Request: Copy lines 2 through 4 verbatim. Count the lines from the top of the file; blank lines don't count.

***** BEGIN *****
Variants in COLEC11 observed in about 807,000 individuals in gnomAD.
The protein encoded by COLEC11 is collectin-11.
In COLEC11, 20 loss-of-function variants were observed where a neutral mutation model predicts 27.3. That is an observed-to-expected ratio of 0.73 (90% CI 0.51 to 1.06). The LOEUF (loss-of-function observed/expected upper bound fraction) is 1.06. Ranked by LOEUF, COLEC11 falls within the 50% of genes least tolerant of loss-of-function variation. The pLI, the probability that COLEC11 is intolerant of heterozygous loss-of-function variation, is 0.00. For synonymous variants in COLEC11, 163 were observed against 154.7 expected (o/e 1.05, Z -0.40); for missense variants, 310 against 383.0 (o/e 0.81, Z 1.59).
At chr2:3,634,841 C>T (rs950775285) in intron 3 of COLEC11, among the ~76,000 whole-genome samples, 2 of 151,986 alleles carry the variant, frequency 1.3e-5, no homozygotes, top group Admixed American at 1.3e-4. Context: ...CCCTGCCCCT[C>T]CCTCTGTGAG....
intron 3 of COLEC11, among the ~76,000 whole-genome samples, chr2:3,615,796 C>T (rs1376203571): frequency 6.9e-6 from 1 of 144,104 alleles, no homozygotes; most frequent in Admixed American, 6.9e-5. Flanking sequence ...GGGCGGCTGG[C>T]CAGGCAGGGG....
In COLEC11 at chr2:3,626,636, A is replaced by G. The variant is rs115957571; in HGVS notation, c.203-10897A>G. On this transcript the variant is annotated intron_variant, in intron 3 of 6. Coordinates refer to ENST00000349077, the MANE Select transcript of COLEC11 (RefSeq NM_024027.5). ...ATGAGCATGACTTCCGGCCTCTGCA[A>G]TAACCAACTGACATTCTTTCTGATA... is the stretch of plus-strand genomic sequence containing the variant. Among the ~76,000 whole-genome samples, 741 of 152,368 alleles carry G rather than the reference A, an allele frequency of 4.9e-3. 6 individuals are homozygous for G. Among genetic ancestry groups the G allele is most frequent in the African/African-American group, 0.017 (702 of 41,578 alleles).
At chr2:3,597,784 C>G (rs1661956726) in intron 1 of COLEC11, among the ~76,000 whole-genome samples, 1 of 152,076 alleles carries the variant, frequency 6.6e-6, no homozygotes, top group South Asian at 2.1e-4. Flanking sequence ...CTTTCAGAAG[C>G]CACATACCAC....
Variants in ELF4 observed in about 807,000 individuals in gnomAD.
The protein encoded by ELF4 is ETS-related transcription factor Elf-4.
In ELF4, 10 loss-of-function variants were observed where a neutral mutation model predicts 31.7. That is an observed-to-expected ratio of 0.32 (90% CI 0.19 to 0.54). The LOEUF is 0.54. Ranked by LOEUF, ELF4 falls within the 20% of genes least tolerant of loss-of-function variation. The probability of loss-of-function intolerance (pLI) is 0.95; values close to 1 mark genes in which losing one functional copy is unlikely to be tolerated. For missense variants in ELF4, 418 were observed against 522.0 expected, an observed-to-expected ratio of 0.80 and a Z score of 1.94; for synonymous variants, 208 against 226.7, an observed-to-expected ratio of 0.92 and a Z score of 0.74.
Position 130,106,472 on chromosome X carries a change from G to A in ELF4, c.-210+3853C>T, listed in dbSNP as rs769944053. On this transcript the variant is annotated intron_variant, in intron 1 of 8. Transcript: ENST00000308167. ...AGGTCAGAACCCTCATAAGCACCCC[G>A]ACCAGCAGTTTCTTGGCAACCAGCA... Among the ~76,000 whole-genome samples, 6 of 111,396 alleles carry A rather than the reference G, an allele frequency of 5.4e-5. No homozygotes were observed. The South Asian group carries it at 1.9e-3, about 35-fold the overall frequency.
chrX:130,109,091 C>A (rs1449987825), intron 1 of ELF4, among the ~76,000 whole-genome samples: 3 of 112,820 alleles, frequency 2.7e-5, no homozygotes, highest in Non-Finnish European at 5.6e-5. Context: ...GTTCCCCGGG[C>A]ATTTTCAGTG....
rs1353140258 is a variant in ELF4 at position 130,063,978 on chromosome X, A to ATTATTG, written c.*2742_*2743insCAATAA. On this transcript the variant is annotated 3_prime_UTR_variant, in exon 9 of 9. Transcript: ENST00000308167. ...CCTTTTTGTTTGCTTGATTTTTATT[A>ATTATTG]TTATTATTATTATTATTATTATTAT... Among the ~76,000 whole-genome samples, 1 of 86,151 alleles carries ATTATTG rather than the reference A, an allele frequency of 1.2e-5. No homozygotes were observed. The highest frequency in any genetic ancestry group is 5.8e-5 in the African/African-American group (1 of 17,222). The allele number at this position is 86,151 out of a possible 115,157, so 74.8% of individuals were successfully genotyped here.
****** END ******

The protein encoded by COLEC11 is collectin-11.
In COLEC11, 20 loss-of-function variants were observed where a neutral mutation model predicts 27.3. That is an observed-to-expected ratio of 0.73 (90% CI 0.51 to 1.06). The LOEUF (loss-of-function observed/expected upper bound fraction) is 1.06. Ranked by LOEUF, COLEC11 falls within the 50% of genes least tolerant of loss-of-function variation. The pLI, the probability that COLEC11 is intolerant of heterozygous loss-of-function variation, is 0.00. For synonymous variants in COLEC11, 163 were observed against 154.7 expected (o/e 1.05, Z -0.40); for missense variants, 310 against 383.0 (o/e 0.81, Z 1.59).
At chr2:3,634,841 C>T (rs950775285) in intron 3 of COLEC11, among the ~76,000 whole-genome samples, 2 of 151,986 alleles carry the variant, frequency 1.3e-5, no homozygotes, top group Admixed American at 1.3e-4. Context: ...CCCTGCCCCT[C>T]CCTCTGTGAG....